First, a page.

Capital IQ. Moreover, coverage improves signifcantly towards
the end of the 1980s. For the 1984–1989 period, our sample
size includes as much as 70% of the number of observations
in Cotter and Peck (2001), compared with 41% for the
1981–1987 sample of Long and Ravenscraft (1993). Finally,
the largest source of attrition in Capital IQ is among “pure
management buyouts”, i.e. LBO transactions that are not
sponsored by a buyout fund or another fnancial institution.
Looking only at large LBOs with a fnancial sponsor during
the 1979–1986 period, we pick up 62 transactions, compared
with Kaplan’s (1991) sample of 74 transactions, i.e. a coverage
of 84%.

In our efforts to evaluate attrition rates outside the US, we
are limited by the scarcity of international studies on leveraged
buyouts. Wright et al (2006) report statistics on UK and Western
European buyout transactions collected by the Centre for
Management Buyout Research at Nottingham University
Business School, which allows some suggestive comparisons,
also reported in Table 1. According to this paper, there were
167 buyouts in the UK and Continental Europe in 1986, while
our Capital IQ sample only includes 28, i.e. 17% of the sample
size. Even for the later sample period, Capital IQ only seems to
cover 30–40% of UK buyouts, while the Capital IQ coverage of
Western European deals is more than four times larger for the
period 2001–2005. Since Wright et al do not explicitly state their
inclusion criteria, it is hard to identify the sources of these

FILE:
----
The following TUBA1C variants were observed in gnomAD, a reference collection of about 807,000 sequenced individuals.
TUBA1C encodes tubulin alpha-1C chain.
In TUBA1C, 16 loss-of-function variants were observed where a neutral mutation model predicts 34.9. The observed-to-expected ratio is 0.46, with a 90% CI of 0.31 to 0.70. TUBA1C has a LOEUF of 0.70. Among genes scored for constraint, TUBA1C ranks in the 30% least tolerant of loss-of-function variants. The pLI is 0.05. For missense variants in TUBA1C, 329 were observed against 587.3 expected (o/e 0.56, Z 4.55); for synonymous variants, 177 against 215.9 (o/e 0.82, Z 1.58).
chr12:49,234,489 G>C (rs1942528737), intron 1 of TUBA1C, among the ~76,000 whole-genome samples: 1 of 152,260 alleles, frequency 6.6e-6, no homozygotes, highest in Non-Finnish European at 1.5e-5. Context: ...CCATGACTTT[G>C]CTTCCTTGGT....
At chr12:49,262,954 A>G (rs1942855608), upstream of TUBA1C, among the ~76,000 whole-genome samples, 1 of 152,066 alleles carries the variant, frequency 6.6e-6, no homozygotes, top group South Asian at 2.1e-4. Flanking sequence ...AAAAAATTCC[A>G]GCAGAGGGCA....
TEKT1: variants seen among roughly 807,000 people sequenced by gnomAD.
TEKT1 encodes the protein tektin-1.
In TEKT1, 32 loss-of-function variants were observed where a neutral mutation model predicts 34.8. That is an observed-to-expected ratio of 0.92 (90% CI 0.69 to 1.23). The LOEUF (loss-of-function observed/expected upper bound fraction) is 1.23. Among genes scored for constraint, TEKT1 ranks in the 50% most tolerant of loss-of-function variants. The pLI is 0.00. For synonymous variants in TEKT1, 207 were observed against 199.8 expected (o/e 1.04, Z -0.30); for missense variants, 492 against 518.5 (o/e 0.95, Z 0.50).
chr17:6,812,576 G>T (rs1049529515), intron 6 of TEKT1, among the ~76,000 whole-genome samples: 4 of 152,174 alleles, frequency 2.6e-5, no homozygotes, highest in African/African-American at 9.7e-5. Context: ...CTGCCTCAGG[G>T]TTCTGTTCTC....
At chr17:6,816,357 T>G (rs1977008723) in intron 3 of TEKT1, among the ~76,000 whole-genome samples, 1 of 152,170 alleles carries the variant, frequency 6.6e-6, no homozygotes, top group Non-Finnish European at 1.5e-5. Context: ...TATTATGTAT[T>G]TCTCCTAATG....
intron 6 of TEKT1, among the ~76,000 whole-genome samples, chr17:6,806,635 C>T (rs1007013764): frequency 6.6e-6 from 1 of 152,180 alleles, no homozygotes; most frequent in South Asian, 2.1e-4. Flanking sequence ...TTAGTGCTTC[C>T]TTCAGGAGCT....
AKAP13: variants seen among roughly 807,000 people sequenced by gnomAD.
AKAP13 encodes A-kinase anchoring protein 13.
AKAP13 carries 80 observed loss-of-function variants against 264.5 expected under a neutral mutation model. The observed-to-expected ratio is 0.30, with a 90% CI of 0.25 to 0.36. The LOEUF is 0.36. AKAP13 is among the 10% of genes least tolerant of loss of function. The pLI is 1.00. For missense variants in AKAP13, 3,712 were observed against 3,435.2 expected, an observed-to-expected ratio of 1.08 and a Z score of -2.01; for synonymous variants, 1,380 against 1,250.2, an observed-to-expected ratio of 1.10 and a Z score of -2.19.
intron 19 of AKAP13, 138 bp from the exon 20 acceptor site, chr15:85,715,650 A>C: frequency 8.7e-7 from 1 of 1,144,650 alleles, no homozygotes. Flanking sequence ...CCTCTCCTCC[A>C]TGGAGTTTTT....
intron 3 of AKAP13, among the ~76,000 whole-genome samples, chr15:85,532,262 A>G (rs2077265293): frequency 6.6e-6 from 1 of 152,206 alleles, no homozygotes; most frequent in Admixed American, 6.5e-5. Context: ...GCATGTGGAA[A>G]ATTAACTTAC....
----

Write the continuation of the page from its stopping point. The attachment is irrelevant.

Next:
discrepancies. Still, it seems plausible that our sample may
under-report smaller UK buyout transactions, but that
international coverage is improving over time.

To summarize, in interpreting the results of the analysis below
we have to be aware of a few sample selection biases. Given
that coverage is improving over time, we are understating
the number of transactions that occurred in the 1970s and
1980s, while the coverage from the mid-1990s onwards

The Global Economic Impact of Private Equity Report 2008

Large-sample studies: Demography

should be fairly complete. While the coverage of larger deals
with fnancial sponsors is likely to be higher than 80% in the
early parts of the sample, we are missing a substantial
number of smaller transactions and transactions without
fnancial sponsors before the mid-1990s. We are likely to
cover at least 70% of all US deals after 1984, at least to the
extent they could be identifed with the databases available
at the time. Finally, there are reasons to believe that the
coverage of LBO deals outside the United States suffers
from even larger attrition rates. Hence, part of the dramatic
increase in buyout activity that we document in the last
decade may be overstated due to sample selection bias.